Q5: What lessons can we learn from history and from situations in other parts of the world about the repression of dissident and left voices, most notably the situations in Palestine and Turkey, and parts of Latin America and Africa?

#ssjresist A5: We learn a lot of from the rest of the world. First: the idea of the university is outside of politics is a dangerous myth. In Latin America, everyone knows that university reproduces the dominant class, but it also produces resistance movements @ScholarsForSJ

— Tianna (@tpaschel) February 14, 2018

A5 #SSJResist The expectation of civility in response to voices that deny your very humanity is the epitome of colonialism and white supremacy. One is expected 2 respectfully disagree w/ the proposition that u & your people are less than human.

— Barbara Ransby (@BarbaraRansby) February 14, 2018

A5. I learn so much from other parts of the world that our desire for freedom can't be suppressed; amazed by activists who organize, writers write despite repression. I learn to lean into my own courage and live my principles. #SSJResist

— Chaumtoli Huq (@lawatmargins) February 14, 2018

Scholars asked us to look to the #FeesMustFall movement in South Africa and movements in Latin America for lessons on power and freedom.

Q6: Why should movements like the Movement for Black Lives care about an issue such as free speech? What does free speech have to do with the movements on the ground?

A6. Liberation movements are being presented as violent/dangerous ("black identity extremism" or "radical Muslims") justifying restriction of the message and criminalizing. We need an intervention on how free speech is discussed that includes power, context, history #ssjresist

— Chaumtoli Huq (@lawatmargins) February 14, 2018

A6: The right to criticize, to be a dissident, to speak truth to power, is at the heart of progressive social movements. If we can’t speak, we can’t organize, and we can’t change the world #SSJResist

— premilla nadasen (@premillanadasen) February 14, 2018

Free speech has everything to do with movements on the ground.

Q7: What types of speech most concern you in this political moment?

A7: i am most worried for those of us in the middle of desperate breaths, struggling for legible words, because some of this shit feels so deadly overwhelming #SSJResist

— Dylan Rodríguez (@dylanrodriguez) February 14, 2018

#ssjresist A7. I am inspired by the speech of activists like @CharleneCac and @BYP_100 who are putting forth an analysis meant to make anti-black racism legible while also mounting a struggle on the group meant to empower our communities.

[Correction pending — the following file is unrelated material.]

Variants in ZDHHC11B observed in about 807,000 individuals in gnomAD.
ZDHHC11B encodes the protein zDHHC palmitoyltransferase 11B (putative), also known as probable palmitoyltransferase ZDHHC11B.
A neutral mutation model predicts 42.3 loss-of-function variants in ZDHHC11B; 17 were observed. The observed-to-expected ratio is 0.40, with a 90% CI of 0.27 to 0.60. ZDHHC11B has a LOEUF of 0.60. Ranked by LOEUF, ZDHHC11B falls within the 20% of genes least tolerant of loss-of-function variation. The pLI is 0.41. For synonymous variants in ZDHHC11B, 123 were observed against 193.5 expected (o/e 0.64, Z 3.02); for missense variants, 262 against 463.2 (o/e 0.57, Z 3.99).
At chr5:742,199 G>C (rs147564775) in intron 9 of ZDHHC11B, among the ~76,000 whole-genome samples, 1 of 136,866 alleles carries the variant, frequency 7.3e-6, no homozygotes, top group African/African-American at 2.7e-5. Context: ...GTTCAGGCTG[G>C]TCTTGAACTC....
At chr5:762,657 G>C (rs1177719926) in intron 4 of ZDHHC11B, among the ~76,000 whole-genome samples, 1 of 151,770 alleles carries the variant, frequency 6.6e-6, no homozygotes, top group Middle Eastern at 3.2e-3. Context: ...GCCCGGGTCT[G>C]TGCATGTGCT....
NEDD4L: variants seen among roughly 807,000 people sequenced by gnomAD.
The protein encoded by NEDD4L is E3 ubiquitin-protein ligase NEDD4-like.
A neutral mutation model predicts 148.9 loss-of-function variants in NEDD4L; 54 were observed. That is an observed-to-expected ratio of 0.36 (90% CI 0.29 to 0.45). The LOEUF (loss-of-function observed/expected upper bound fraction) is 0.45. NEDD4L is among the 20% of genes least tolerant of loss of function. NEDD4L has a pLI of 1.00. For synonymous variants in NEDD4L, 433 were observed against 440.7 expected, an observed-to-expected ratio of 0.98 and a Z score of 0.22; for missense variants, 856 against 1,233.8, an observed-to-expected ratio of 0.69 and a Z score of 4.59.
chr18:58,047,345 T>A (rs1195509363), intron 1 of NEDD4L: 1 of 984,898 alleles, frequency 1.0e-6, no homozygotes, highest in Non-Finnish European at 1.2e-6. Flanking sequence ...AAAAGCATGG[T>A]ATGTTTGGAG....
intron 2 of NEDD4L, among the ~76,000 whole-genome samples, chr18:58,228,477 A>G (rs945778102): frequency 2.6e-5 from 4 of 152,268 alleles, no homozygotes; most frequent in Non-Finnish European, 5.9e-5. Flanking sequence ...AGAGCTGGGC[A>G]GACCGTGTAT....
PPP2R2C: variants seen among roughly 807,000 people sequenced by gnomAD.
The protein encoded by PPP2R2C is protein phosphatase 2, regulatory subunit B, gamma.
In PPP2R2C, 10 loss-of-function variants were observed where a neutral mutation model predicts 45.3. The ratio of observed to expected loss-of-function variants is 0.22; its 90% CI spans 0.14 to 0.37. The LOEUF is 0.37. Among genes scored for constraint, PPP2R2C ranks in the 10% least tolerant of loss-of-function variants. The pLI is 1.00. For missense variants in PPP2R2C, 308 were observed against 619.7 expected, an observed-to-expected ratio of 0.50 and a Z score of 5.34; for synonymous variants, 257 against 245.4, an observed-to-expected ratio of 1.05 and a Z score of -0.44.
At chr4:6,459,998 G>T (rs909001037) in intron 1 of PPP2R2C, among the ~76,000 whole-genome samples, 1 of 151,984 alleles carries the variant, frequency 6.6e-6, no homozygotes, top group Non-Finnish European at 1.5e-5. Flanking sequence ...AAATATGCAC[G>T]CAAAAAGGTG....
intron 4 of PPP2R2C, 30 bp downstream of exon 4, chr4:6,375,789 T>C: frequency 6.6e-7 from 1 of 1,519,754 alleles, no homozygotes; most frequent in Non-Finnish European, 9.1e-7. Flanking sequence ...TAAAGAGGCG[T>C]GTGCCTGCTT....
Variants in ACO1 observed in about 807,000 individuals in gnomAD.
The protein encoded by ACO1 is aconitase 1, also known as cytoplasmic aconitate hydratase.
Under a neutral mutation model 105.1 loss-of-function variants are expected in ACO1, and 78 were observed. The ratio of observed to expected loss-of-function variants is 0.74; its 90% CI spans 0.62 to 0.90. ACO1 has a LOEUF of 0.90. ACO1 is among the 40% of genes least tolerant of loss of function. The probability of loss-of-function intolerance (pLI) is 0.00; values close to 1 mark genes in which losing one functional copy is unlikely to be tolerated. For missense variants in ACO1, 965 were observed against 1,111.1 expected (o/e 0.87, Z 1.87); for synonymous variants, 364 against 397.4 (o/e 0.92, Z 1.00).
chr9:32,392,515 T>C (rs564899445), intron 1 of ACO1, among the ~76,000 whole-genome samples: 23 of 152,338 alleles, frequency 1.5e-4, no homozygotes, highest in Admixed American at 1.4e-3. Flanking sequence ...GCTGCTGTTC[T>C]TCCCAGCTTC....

— Cathy Cohen (@cathyjcohen) February 14, 2018

Many were concerned with who gets to speak and what narratives get to be heard.

Q8: As scholars, activists, and practitioners, what can we do to effect change around hate speech? How do we actively resist it?

#SSJResist Q8 In moments like this it is easy to fall into saying what we are against...and we should, but we have to also say what we want. I want to organize solidarity. I want an end to the raids and deportations/ an end to police terror/ an end to white nationalism...

— Keeanga-Yamahtta T. (@KeeangaYamahtta) February 14, 2018

There was a loud call to speak out and organize. For those within the university, we can mobilize the spaces and resources we have access to amplify marginalized voices through talks, teach-ins, workshops, even, as Keeanga-Yamahtta Taylor suggests, “our own speaking tour to counter the Spencer tour.”

Q9: How can the work of SSJ and progressive academics and activists more broadly work to resist hate speech and oppression of marginalized communities? What would you like to see this organization do?

A9 SSJ can be a vehicle for linking the forms of repression and resistance within & beyond the academy #ssjresist

— Adom Getachew (@AdomGetachew) February 14, 2018

A9: I hope we can help strengthen resistance strategies between campuses and regions, helping people prep for and respond to attacks by building deep and strong networks, sharing tactics, connecting off-campus work to on-campus work, and defending each other. #SSJResist

— dean spade (@deanspade) February 14, 2018

We encourage graduate students and scholars, activists, and those doing work in vulnerable communities to visit our website and consider joining the organization at #SSJResist

— Scholars for Social Justice (@ScholarsForSJ) February 14, 2018

Many saw a network like SSJ as being crucial to linking struggles inside and outside of the university. What also came up during the chat was the use of classrooms as a space to model how to engage in debates around these critical issues.

I’d love to hear your responses to the chat’s questions below or on Twitter with the hashtag #SSJResist.


1 comment

Thank you for sharing this summary of a rich and important topic. I recently attended the conference of the African American Intellectual History Society where Dr. Ransby was the keynote speaker, her discussion of 21st century black insurgent thought was critically important for thinking about scholar-activism, its meaning + significance, and practical ways we can be engaged and encourage our students to think depthfully. I'm looking forward to more chats by Scholars for Social Justice.